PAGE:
Ashley Paul is an impressive American multi-instrumentalist and composer who’s been around for a while, but her record Lost in Shadows was my first exposure to her impressive work. In the wake of giving birth this record was inspired by “many hours spent awake at night in a dream like state of half consciousness, darkness and solitude; an overwhelming feeling of loneliness and exhaustion made light by a profound new love.” We also were fortunate enough to get fantastic, mature and ambitious records from Oneohtrix Point Never and Julia Holter, at what could be the height of their careers. The former released the paradigm-busting, world-building Age Of that simply highlights the pointlessness of stylistic boundaries. The latter crafted an immense, unparalleled marvel of composition and sound design, Aviary, full of fragmented microcosms, chiseled cacophony and mercurial arrangements that must be heard. Then we have the found-object artist, Lonnie Holley, who reared his head again this year with a remarkable album, MITH, with very few reference points. With contributions from the likes of Laraaji, Sam Gendel, and Richard Swift, Holley crafts a lush album of cosmic energy. Eiko Ishibashi has had a very productive year with three records, The Dream My Bones Dream probably being the one that caught our ear the most. We’ve seen her called Japan’s response to Julia Holter and that’s not a bad comparison. The album, replete with immaculate production from Jim O’Rourke, is full of nebulous jazz-pop, cinematic strings and improvised percussion and piano. Interestingly, the album is meant to explore her family history in the wake of her father’s death, “imagining a past she never knew.”Duo Rully Shabara and Wukir Suryadi, collectively known as Senyawa and hailing from Jogjakarta, Indonesia, continued their exploration of uncharted terrain with Sujud combining the traditional with experimental. Shabara’s extreme vocals and whispered poetry with Suryadi’s homemade instrumentation results in remarkable earthscapes. This year, Trouble in Mind was on a roll. From the startling initial saxophone screech, Sunwatcher’s killer sophomore album appropriately titled II, doesn’t let up its unique, noisy brand of psychedelic rock. Experimentalist titans Chris Corsano and Bill Orcutt teamed up again for their second full length this year. Between Corsano’s unstoppable drum frenzy and Orcutt’s disjointed bluesy guitar smacks, Brace Up! is an improvisational juggernaut. YMFEES is another record that became a bit divisive this year but at Philosophy of the World we loved the weird-as-fuck vibes it gave off. Driving drum machines and reverb-heavy vocals made for an abrasive and compelling avant-pop album from Leslie Winer & Jay Glass Dubs. Near the end of the year we came across this great Swedish record Monika by Golden Ivy. Full of programmed rhythms, violin and flute this definitely evokes Hassel’s fourth world. If that sounds appealing, you’ll dig this!If you’ve listened to the podcast, you know Carr likes his twang – hillbilly motherfucker. But at Philosophy of the World we particularly love artists that are so well versed in traditional forms of folk that they can effectively turn it upside down, experiment and blend it into something new. Three Lobed certainly seem to see eye-to-eye with us on this and in 2018 they killed it with Daniel Bachman’s The Morning Star and a stellar collaboration between Meg Baird & Mary Lattimore on Ghost Forests. While Bachman has been putting out consistently quality records of American primitivism with lush story telling using only his guitar, he took a different trajectory with The Morning Star. Paralleling Bachman’s move back to Virginia and the unfortunate result of the 2016 election, this musical effort is a transformation, full of expressionist soundscapes, forgoing standard musical structures and allowing the songs to breathe. It’s his most provocative and perhaps his best to date. Ghost Forests, featuring Meg Baird (known for her solo work as well as being part of Espers and Heron Oblivion) and the rather prolific harpist Mary Lattimore, is a stunning and clearly natural pairing. Lattimore’s harp and Baird’s guitar and voice pair seamlessly to form ghostly, elegantly restrained, ethereal magic. Sarah Louise has been on our radar for some time now given a pretty impressive discography featuring impressive finger picking and Appalachian Folk from her House and Land album last year. On Deeper Woods, however, she brings her voice front and center. There is even the addition of drums, cello, synth and an acapella number. We simply can’t wait to see what Sarah does next! Nathan Bowles, veteran banjo player from Black Twig Pickers, Spiral Joy Band and Pelt, dropped his fourth full length solo album Plainly Mistaken. This time around he’s got a full band. Maybe the notion of banjo turns you off, but Bowles is really able to use the instrument and folk in general to create something truly transcendent. While admittedly not quite as leftfield or forward thinking as the other selections here, The Other Years’ self-titled debut was hard not to like. We’ve got acoustic guitar, fiddles, banjo and tight harmonies. It still manages to have a weird, cosmic feel to its songs reminiscent of Michael Hurley, perhaps. An impressive first outing from Heather Summers and Anna Krippenstapel.With the first full length album in 12 years under this name, veteran Japanese produce, Kaoru Inoue (aka Chari Chari), released the absolutely beautiful and transportive Em Paz. The new age pop, healing ragas and ambient excursions are in the vein of Eno and Hassell. Kilchhofer’s debut release, The Book Room, was a standout this year. It’s full of minimalist composition, organic sounding tribal drums, percussion-driven krautrock and even some circular techno patterns. A truly modern record. Meanwhile, RVNG Intl kept killing it this year, in particular with Kate NV’s для FOR. This one caught our ear with its subtle arpeggiations soundtracking the urban landscape of Kate NV’s home Moscow. It feels both alien and welcoming. Similarly, we were fortunate to experience some true serenity with Cool Maritime’s (aka Sean Hellfritsch and husband of Kaitlyn Aurelia Smith) debut vinyl release, Sharing Waves, released on Leaving Records. Hellfritsch is a modular electronic composer and this album is incredibly pristine with nature-heavy motifs. Finally, Mind Over Mirrors was back this year on Paradise of Bachelors with his captivating Bellowing Sun. While Jaime Fennelly has always been talented, on this outing he has a full band that really complements his grand vision. Better yet, it’s a Midwestern group with drummer Jon Mueller, violinist Jim Beck, and singer Janet Beveridge Bean. While it’s synth heavy and droney as always, it also features diverse elements including bluegrass and noise.While a lot of the stuff on this list has an experimental edge, we’ve enjoyed some relatively more straight-forward albums as well. For example, Bonny Doon’s sophomore effort, Longwave, made it onto the excellent Woodsist imprint. To my ear it’s reminiscent of Silver Jews and has a nice jangly quality and excellent production. Lovely solos, progressions and songwriting – that’s all ya need, right? Similarly, we have Olden Yolk’s debut full length on Trouble In Mind with a nice flavor of folk-tinged psychedelia in the vein of Quilt or Woods. Nuances abound on this one and commitment is definitely rewarded. Plus Philosophy of the World is definitely on the bandwagon with this new Low album, Double Negative. Granted, Steve and Carr are suckers for the sad sack shit that’s all over the Low discography, but the band’s latest effort is certainly a standout stylistically. Interestingly, their base approach is still heard – soft and unhurried pop songs, but this time it’s run through a defective machine with glitches and heavy feedback. Speaking of emotional richness, we’ve got New Zealander Maxine Funke’s album Silk on Feeding Tube. The album is bare, with hushed lyrics, introspective and personal. The tone and feel of the album reminds of Sibylle Baier. Last year, we were really into Rose Elinor Dougall’s album, Stellular. This year, fellow former member of The Pipettes, Gwenno released her sophomore solo album, Le Kov. Meaning “a place of memory,” the album is completely in Cornish and meant to be a record of the language in the wake of the British government cutting funding towards teaching the language in 2016. Irrespective of the language, the album is full of playful, catchy, dreamy, pop songs. Simply infectious.Nils Frahm, one of the most promising modern composers around these days, released yet another album, All Melody, on Erased Tapes that may be his most mature work to date. A lot of care went into this record with each piece consisting of purely analog instrumentation. The unrestricted feel to this album is likely the result of him recording this in his brand-new studio in Berlin. What’s next for this rising star? Mary Lattimore has been pretty damn productive this year and has really put that Lyon & Healy harp of hers to work. Not only did she have the stellar collaborative album with Meg Baird discussed earlier, but also her own solo album, Hundreds of Days. This is her first album since relocating from Philadelphia to Los Angeles. On this one she not only continues her incredible story-telling ability, but even incorporates elements of guitar, piano, her voice, synthesizer and sequencer into the mix, which she had been tinkering with since her move making her music even more vivid than before. Ameel Brecht, one third of Razen, also made an incredible solo record this year. Polygraph Heartbeat is made up of nine pieces for steel resonator and mandolin. The craftsmanship is pure and precise. London-based saxophonist, Ben Vince, put out a not-so-minimalist record this year. Assimilation really lets his saxophone go wild while he collaborates with some impressive back up including Mica Levi, Rupert Clervaux, and Valentina Magaletti. Fellow member of Oneohtrix Point Never’s live band with Eli Keszler, Kelly Moran also had a great solo album, Ultraviolet, and on Warp no less. Prepared piano compositions/improvisations adorned with various effects and synthesizers.Our episode on spiritual jazz may have been possibly our least popular, but it’s impossible to talk about the richness of the underground in 2018 without touching on the modern jazz scene. Here at POTW we like our jazz spiritual, free, and out there. So, you’re not going to find much post-bop or hard-bop here – we like that shit weird. And frankly the vast majority of jazz we listen to is from the 60s and 70s (and even some in the 80s). So, perhaps we’ve been ignorant of this flavor of music over the last several years, but 2018 definitely caught our attention. The UK jazz scene in particular seems to be absolutely on fire. Szun Waves, for example, released their second album, New Hymn to Freedom, on Leaf this year. Led by saxophonist Jack Wyllie, Szun Waves make a unique version of jazz, one that’s spacious, glistening, ambient and relatively formlessness. It packs a soft, yet powerful punch. Fellow Brits, led by drummer Nick Woodmansey, Emanative dropped a full length album called Earth with strands of African, Indian and Middle Eastern influences. This album features 21 musicians (!!!) with a core octet and appearances by the likes of The Pyramids’ Idris Ackamoor and Nat Birchall. As massive as that sounds, Woodmansey doesn’t throw this massive kitchen sink into the mix at once, instead using different plays for different pieces on the album – giving it a far more restrained and cohesive sound that one might expect. A remarkable modern jazz record. Sons of Kemet’s second LP, Your Queen Is a Reptile, has gotten a lot of well-deserved love. It’s a biting, dub and ska-infused, political juggernaut. Even some of the most rockist individuals should be able to find something to enjoy here. I’ve also been keeping an eye on Binker & Moses since last year’s solid Journey to the Mountain of Forever, and wow that paid off! Live records are items I tend to avoid because I don’t really need multiple versions of studio songs, but in the realm of jazz you can really miss out with this approach. Alive in the East? is a perfect example because it is pure FIRE. Ill Considered resides on the other end of the spectrum and actually lives up to the “spiritual jazz” label unlike someone like Kamasi Washington. I was very excited to find Ill Considered 3 this year with its spacious and textured improvisations.But hey! US players have been no slouches. Bassist and multi-instrumentalist, Sam Wilkes, put out an incredibly gorgeous spiritual endeavor on Leaving Records, WILKES. Together with contributions from saxophonist Sam Gendel (who he released collaborative work with earlier this year) he crafts jazz with dreamy ambient structures. If you dig that, Aqueduct Ensemble, hailing from Akron, Ohio, have made one of my most spun albums this year, Improvisations on an Apricot, in the vein of ECM-style jazz with electronic tinges, incorporating loops and glitches. A true beauty. Also, one of the greatest gifts in the realm of jazz we received this year was Downtown Castles Can Never Block the Sun released by International Anthem. Apparently, Ben LaMar Gay has been holding out on us. Hailing from the Southside of Chicago, the dude apparently composed, performed and recorded about seven albums worth of material over the last year, compiled and pared down into this album. You have to simply hear this one to appreciate its eclecticism. But International Anthem has been very busy this year and also released the latest Makaya McCraven album. Universal Beings is long… too long, but beyond that it’s awesome. McCraven is a super talented drummer and his work tends to be recordings of improvised live performances that are subsequently edited. While there are some more post-bop moments, this one definitely gets free and even into some spiritual territory and ultimately is meant to project an “all-encompassing message of unity, peace and power by embracing transcendence in all its expressions.” They may be Aussies, but I’m gonna lump them in with the good ol US of A. We’ve been spoiled over the last few years and 2018 was no different. The Necks continue to have an immense influence on my listening habits with music that is unfortunately incompatible with the vinyl format. They’ve returned to their long-form format with Body this year, beginning with glacial progressions true to their minimalistic approach, which ultimately pays off with a cathartic crescendo before drifting off into the ether where their next project is sure to emerge in the future.Following her critically acclaimed All My Circles Run from last year, Sarah Davachi has been quite busy with Let Night Come on Bells End the Day released on the excellent Recital label and Gave in Rest on Ba Da Bing! We personally preferred the former but both are definitely worth checking out as Davachi continues her deeply layered and immersive drone. There’s melancholic tension here that evokes a sense of the sacred. Yet another Trouble in Mind album really didn’t get enough love this year and that’s Chicago’s Matchess (aka Whitney Johnson) with her fourth album, Sacracopra. This was actually the third album in a trilogy (the others being Seraphastra and Somnaphoria) with this installment apparently growing out of “a medical condition from birth that came back.” There’s introspective ambiance as usual with layers of voice, drum machine, field recordings, organ and even some viola. It’s an emotional experience. Another criminally overlooked album was Muunduja by Maarja Nuut & Ruum. This got some seriously heavy rotation this year. Maarja Nuut, singer and violinist, collaborated with electronic musician Hendrik Kaljujarv (Ruum), both from Estonia. The music here envelopes the listener within its own imaginary netherworld. It’s both transcendent and unfortunately transient given its liminal state. Next up, we have Eleventeen Eston’s At the Water on Growing Bin Records, his follow-up to his 2014 cassette, Delta Horizon, on Not Not Fun. We suspect this album is a perfect soundtrack to his home in Perth – serene, hazy, guitar ambient tunes. There are even some beautiful moments incorporating distant flute and saxophone. Keep an eye on this guy! Another great album that flew under the radar was Hilja by Cucina Povera. It’s the debut LP from Glasgow musician Maria Rossi that is simply hypnotic. It’s minimal, ethereal synth music with a heavy emphasis on vocals. A gorgeous album released on Night School.Yet another solo album from Eric Chenaux was released on Constellation Records this year. Slowly Paradise’s warbled guitar and gentle falsetto is captivating, warped and weird. His crooning is frankly old-fashioned and romantic, but it’s juxtaposition with out-of-tune, disjointed guitar and soft synth bleeps and drones just catches me off guard every time I listen. More weirdness can be found from Hawthonn on their latest album, Red Goddess (Of This Men Shall Know Nothing). The album revels in esoteric, occult and pagan themes with a focus on the feminine. It’s unhurried and carefully crafted with ethereal drone and field recordings. There are heavy concepts behind this album – if it strikes you fancy be sure to dig deeper into their inspiration, you won’t be disappointed. Yves Tumor’s Serpent Music from 2016 turned a lot of heads, and rightfully so. But his follow-up, Safe in the Hands of Love, was pretty surprising. I struggle to describe the album or even who Yves Tumor is, his sonic palate and personality seemingly metamorphizing, expanding and contracting continuously. I welcome figures like him, SOPHIE, and Arca to represent the new radical forefront of a bizarre, mutant pop force of the current generation. Meanwhile, after a string of EPs, Tokyo-based producer, Yoshinori Hayashi, made an impressive debut on Smalltown Supersound with Ambivalence. Embracing collage and the ritualistic, using both live instrumentation and samples of jazz and library sounds, Hayashi crafts a complex patchwork with idiosyncrasies abound (there’s even a Eden Ahbez sample on “Geckos”!). Ya know, dance music isn’t exactly something that strikes our fancy too often here, but we’ve always had an appreciation for the work of Nicolas Jaar. There is just something about his style of production that can be universally appealing. This goes for 2012-2017 released under the name A.A.L. (Against All Logic). It’s sugary and infectious, replete with crunching beats, soul samples and synths. You may not get me to dance, but avoiding bobbing to this one is irresistible.If you’re reading this you’ve probably heard us struggle with hip-hop on Philosophy of the World. The genre is really near the top of its game with regards to broad popularity with singles dominating charts and mainstream music publications celebrating several albums this year. And sure, we were really digging the new Pusha T, Earl Sweatshirt and Noname albums this year. Nonetheless, in the hip-hop underground, we struggle to find many intriguing artists with most of said community attempting to replicate what the popular artists are doing stylistically. Nonetheless, we were able to pick out a few jewels worth checking out if you’re sick of Drake and Kanye and don’t want to listen to yet another trap album. First, we’ve got the first physically release from Virginia-based producer Agnarkea (aka Keaton Transue). Loving his references to conspiracy theories with a title like Black Helicopters and songs like “PSYOP” and “Blue Beam”, it’s a great pairing with his production style with primitive edges and an underlying punk ethos juxtaposed to a chopped ‘n’ screwed approach. Elucid has been pretty busy this year working with Milo as Nostrum Grocers. But we particularly enjoyed his work with Billy Woods as Armand Hammer on their third record, Paraffin. This is probably the peak of their game to date with an album full of rough and heavy atmosphere. It’s truly an inspired example of dense, dystopian hip-hop. Over in New Zealand, we had quite the surprise in Avantdale Bowling Club’s self-titled record this year. It has absolutely absorbing jazz-based production and beats. Fortunately, it also doesn’t have kiwi-specific slang or punch lines – it’s universally great and shouldn’t be shortchanged as novelty. Next up, MIKE, one of my favorite players on the indie rap scene at the moment, was pretty damn prolific releasing Black Soap, mixtape War in My Pen, and our personal favorite, Renaissance Man. MIKE has a flow reminiscent of Earl Sweatshirt and even DOOM with rhyme schemes hard not to appreciate. The drugged out production is particularly appealing. On the other end of the spectrum, veteran indie rapper, Busdriver, returned for a mammoth of a record, Electricity Is on Our Side replete with Busdriver’s goofy and unique flow and inflection. Sonically there is a lot of variety here with jazzy beats and even glitch-hop. Despite the crazy length, the quality is remarkably consistent.Elysia Crampton dropped her fourth album this year, which running less than twenty minutes, was short and sweet. Nonetheless, it was incredibly impactful, a rebellion against white, boring minimalism. Its intricately woven discordant drums, samples, and guitars is at both times disorienting and beautiful A true standout in her discography. Meanwhile, Eli Keszler was busy making a splash on Shelter Press’ output this year with the incredible Stadium. Don’t be mistaken, this album, full of impossible textures and cascading melodies in created live with no processing. Keszler proves here what Daniel Lopatin once said about him, “…he’s a world-building percussionist.” While Stadium was critically celebrated in 2018, Elixir of Immortality by Mårble (Anton Glebov, hailing from St. Petersburg) was criminally overlooked. Off the back of perhaps the best cassette release on Not Not Fun this year, Diego, Mårble released his follow-up on vinyl and it’s a masterpiece in freak-folk-fourth-world. The atmosphere is tangible, made up of organic percussion, synths, guitar, and even saxophone. This needs to reach more ears. Another prolific producer put out a discography landmark in Aru Otoko No Densetsu. Yokohama-based producer Takahide Higuchi, Foodman, made his debut on Sun Araw’s label, Sun Ark in 2018 with a sparse yet brilliantly colorful album. It’s full of quirky whirs, ethereal chimes, individual piano notes and clock ticks all with jazzy syncopation. And, finally, keeping their noisy weirdness fresh, Jan Anderzen and collaborators, as Kemialliset Ystävät, returned with their first album in four years, Siipi empii (translating from Finish to “A Wing Hesitates” – something’s been lost here). As typical, there is a playfulness that makes the album’s experimental electronic arrangements and tornado-like orchestration weirdly palatable.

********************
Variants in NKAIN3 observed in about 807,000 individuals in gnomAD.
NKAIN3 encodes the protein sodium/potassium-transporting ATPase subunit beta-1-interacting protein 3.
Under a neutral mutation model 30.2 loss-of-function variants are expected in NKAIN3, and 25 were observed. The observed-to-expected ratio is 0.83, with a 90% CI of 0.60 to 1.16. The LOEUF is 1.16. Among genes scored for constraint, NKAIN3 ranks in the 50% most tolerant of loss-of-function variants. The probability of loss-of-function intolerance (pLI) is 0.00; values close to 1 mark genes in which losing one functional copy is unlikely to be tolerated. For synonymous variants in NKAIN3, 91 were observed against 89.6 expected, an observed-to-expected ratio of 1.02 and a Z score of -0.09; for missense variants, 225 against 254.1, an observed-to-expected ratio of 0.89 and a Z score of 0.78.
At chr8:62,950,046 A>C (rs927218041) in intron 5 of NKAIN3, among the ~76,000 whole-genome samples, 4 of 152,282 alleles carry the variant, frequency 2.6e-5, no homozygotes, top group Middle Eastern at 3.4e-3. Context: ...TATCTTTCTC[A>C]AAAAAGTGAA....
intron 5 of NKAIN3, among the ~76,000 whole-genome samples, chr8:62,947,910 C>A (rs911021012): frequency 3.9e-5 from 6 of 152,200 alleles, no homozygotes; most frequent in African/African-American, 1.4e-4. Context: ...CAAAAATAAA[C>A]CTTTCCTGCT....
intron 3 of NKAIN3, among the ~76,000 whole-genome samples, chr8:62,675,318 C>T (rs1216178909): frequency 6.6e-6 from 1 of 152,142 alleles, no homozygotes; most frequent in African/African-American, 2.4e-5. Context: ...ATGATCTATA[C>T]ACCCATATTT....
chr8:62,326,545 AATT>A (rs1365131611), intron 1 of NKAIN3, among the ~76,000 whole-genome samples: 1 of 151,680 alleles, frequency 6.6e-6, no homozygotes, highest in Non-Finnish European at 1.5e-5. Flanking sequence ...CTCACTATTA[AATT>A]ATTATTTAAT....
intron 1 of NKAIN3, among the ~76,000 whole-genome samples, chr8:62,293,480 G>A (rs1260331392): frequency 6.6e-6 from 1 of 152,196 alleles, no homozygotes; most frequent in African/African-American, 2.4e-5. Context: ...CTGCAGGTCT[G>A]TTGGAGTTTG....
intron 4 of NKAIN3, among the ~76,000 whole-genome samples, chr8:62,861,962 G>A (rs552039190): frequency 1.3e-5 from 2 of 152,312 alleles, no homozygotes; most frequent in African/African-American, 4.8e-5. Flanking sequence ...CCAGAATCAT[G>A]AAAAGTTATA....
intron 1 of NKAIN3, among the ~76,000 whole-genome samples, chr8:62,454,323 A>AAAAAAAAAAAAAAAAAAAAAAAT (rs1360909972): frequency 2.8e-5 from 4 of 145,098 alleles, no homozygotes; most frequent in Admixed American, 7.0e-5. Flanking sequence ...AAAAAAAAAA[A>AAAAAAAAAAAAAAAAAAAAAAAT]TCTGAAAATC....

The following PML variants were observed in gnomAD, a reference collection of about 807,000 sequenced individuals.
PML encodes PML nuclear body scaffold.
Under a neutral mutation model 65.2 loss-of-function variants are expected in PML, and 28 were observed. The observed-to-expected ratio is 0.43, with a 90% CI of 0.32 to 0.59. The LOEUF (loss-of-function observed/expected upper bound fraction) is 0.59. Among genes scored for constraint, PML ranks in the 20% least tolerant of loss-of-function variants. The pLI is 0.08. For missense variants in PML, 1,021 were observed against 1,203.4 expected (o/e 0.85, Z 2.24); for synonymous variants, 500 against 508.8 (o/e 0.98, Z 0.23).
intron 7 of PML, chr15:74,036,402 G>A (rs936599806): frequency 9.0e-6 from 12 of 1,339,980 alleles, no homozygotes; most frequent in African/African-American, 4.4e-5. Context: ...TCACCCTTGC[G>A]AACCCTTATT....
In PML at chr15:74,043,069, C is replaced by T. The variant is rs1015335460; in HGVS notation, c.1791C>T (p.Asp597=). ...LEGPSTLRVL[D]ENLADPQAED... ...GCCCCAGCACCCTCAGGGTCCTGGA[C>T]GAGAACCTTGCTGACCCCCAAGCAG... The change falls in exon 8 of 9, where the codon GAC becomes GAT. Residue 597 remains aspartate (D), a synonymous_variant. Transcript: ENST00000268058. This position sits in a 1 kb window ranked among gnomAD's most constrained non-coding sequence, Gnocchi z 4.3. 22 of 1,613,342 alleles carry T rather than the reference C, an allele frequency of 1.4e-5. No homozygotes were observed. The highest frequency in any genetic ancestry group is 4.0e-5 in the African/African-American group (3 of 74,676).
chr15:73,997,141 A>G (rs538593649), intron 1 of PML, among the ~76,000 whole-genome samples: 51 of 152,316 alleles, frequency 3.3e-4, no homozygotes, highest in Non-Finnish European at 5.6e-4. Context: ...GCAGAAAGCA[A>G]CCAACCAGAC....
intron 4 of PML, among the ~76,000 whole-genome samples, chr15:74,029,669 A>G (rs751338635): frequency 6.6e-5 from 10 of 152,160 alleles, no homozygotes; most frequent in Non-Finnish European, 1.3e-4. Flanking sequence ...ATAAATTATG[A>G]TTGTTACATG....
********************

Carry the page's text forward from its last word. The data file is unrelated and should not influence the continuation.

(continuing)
As if all that fresh, brand new music wasn’t enough, one shouldn’t forget the wealth of reissues, compilations and archival releases. To that end there was an abundance of rediscoveries in 2018, simply too many to detail each and every one displayed here. But we’d like to highlight some of the work of excellent artists and labels out there. So, the records depicted here are listed in order below: